Sunday, November 23, 2008

Who's that guy?

I'm so glad 24 came back for a night, although now that we have DVRs the TV season is pretty random. We had Sunday's two hour episode and then the real season starts in January. Why? Idunno.

But it's still the most ridiculously fun show there is. It almost takes the sting out of the cancellation of Pushing Daisies. Almost, but not quite.

I'm sad about PD going the way of Firefly. I do think this season has faltered a bit - this last episode in particular felt lost somehow, like the premise of the show has gotten muddled in too much backstory. But sometimes shows need a bit of time to wiggle through the rough patches. But we're an impatient culture and we go straight to divorce these days, so of course we're not willing to keep a show around unless it's bringing home the bacon as consistently as it did last year.

So anyway, back to 24. I wanted to point out this nice little blunder in the season premier. Somewhere around the 33 minute mark when all the kids and Jack and that other guy are running into the woods away from the helicopter, if you pause the screen you can clearly see a camera man dressed in black, standing still as the kids run by him. Hell you don't even have to pause it to see it - he's clear as day in the middle of the damn woods.

Maybe he was some white guy shooting a documentary in a made up African country when the shit hit the fan. But I doubt it.

I know that kind of stuff happens on set but how did that get past editing? Was that the only take they had? Did nobody see that guy standing there? Did they think we wouldn't see him?

I know it doesn't matter in the scheme of things because the show is still awesome as ever and Jack is still a heroic whirlwind of violence, but you don't often see a mistake that obvious on TV these days. That's probably a good thing.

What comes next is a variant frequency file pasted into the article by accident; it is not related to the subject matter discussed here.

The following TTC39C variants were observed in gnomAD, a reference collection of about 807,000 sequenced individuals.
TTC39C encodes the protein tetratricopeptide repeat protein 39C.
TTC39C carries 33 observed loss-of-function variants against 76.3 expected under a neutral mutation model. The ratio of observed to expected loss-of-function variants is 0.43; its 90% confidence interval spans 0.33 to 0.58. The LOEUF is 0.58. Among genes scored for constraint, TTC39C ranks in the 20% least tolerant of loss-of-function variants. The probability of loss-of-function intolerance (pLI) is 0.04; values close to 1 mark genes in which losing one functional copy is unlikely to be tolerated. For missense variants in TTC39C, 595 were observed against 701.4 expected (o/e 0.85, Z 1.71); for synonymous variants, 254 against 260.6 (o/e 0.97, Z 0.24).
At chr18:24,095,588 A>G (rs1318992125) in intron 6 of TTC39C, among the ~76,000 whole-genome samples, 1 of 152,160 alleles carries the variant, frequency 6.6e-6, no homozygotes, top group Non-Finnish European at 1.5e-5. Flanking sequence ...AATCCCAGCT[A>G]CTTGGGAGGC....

1. Re the "24" cameraman, I've heard of worse. When I was a kid, there was a rumor going around of a western that was shot in the mid-seventies that ended up getting shelved - no one noticed until post-production that the lead actor was wearing a DIGITAL WATCH the entire time, in an era when even wristwatches were pretty uncommon. But I've never had that confirmed, so it could be urban myth.

    When you're working on a movie or TV show in a big scale, the more elements you have to take into account, the greater the chance that something will slip through the cracks in the form of continuity errors or just plain old-fashioned gaffes. The ones that stands out in my mind the most is from "Raiders of the Lost Ark". First one: Marion is in her tavern, looking at the headpiece from the Staff of Ra on a chain around her neck, cut to next shot in which the pendant is still in her hands, but the chain magically slipped off her neck. Second one: when Indy is thrown into the pit of snakes and sealed in, you can see reflections in the glass where he landed - there was a glass partition separating him from the snakes.

    I'd wager you could name an endless list of the ones you've spotted over the years, if you thought about it a while.

  2. I liked REDEMPTION. I think it was done to give us a taste of 24 before the real season starts, especially since it's been off for so long. It definitely functioned as an effective teaser.

    I didn't see the guy at the 33:00 mark, but in THE MAN WITH THE GOLDEN GUN a crew member can be clearly spotted in a mirror at one point. I always remember this because the DVD commentary at that very second is adressing the film's cinematography but doesn't mention the giant blunder that is obviously visible.

  3. Anonymous12:35 PM

    They were probably way behind schedule, especially if there were kids in the shot. If setting it up again would put them past the limit they could work for the day, they would have sighed and accepted the error.

    Harry C. (<-- Didn't watch the show)

    P.S. On her blog, Doris Egan talks about a much-maligned flub on SMALLVILLE, where the actress playing Lana said "descendents" when she was supposed to say "ancestors." (or vice versa.)

    Viewers excoriated them for the mistake, calling the actress and writers stupid for not knowing the difference (!), but Egan explained that they were exhausted from a long shooting day, way behind schedule and they felt they had no choice but to accept the mistake and move on.


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